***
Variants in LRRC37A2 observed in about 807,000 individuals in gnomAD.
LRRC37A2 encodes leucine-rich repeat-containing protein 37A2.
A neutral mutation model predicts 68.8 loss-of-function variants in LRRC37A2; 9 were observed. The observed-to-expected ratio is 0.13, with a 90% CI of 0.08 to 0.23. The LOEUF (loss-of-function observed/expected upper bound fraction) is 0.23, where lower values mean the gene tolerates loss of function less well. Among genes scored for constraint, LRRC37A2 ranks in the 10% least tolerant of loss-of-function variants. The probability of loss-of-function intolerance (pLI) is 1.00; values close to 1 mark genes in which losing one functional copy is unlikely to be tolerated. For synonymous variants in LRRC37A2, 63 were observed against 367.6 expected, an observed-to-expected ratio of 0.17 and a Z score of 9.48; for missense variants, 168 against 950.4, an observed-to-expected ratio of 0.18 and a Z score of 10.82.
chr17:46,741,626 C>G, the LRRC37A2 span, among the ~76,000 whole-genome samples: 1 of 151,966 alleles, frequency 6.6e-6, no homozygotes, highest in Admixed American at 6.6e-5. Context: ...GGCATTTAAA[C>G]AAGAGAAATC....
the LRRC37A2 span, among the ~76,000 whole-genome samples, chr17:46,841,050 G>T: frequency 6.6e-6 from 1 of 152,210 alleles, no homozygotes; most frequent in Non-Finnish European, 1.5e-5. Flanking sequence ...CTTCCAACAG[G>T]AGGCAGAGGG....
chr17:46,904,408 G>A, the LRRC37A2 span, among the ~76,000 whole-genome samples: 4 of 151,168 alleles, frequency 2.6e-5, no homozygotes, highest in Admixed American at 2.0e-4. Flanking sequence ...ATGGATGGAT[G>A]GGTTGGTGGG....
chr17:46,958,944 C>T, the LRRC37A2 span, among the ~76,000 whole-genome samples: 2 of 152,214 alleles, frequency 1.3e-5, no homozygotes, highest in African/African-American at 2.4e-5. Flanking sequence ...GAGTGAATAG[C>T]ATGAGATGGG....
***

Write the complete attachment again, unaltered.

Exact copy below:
Variants in LRRC37A2 observed in about 807,000 individuals in gnomAD.
LRRC37A2 encodes leucine-rich repeat-containing protein 37A2.
A neutral mutation model predicts 68.8 loss-of-function variants in LRRC37A2; 9 were observed. The observed-to-expected ratio is 0.13, with a 90% CI of 0.08 to 0.23. The LOEUF (loss-of-function observed/expected upper bound fraction) is 0.23, where lower values mean the gene tolerates loss of function less well. Among genes scored for constraint, LRRC37A2 ranks in the 10% least tolerant of loss-of-function variants. The probability of loss-of-function intolerance (pLI) is 1.00; values close to 1 mark genes in which losing one functional copy is unlikely to be tolerated. For synonymous variants in LRRC37A2, 63 were observed against 367.6 expected, an observed-to-expected ratio of 0.17 and a Z score of 9.48; for missense variants, 168 against 950.4, an observed-to-expected ratio of 0.18 and a Z score of 10.82.
chr17:46,741,626 C>G, the LRRC37A2 span, among the ~76,000 whole-genome samples: 1 of 151,966 alleles, frequency 6.6e-6, no homozygotes, highest in Admixed American at 6.6e-5. Context: ...GGCATTTAAA[C>G]AAGAGAAATC....
the LRRC37A2 span, among the ~76,000 whole-genome samples, chr17:46,841,050 G>T: frequency 6.6e-6 from 1 of 152,210 alleles, no homozygotes; most frequent in Non-Finnish European, 1.5e-5. Flanking sequence ...CTTCCAACAG[G>T]AGGCAGAGGG....
chr17:46,904,408 G>A, the LRRC37A2 span, among the ~76,000 whole-genome samples: 4 of 151,168 alleles, frequency 2.6e-5, no homozygotes, highest in Admixed American at 2.0e-4. Flanking sequence ...ATGGATGGAT[G>A]GGTTGGTGGG....
chr17:46,958,944 C>T, the LRRC37A2 span, among the ~76,000 whole-genome samples: 2 of 152,214 alleles, frequency 1.3e-5, no homozygotes, highest in African/African-American at 2.4e-5. Flanking sequence ...GAGTGAATAG[C>T]ATGAGATGGG....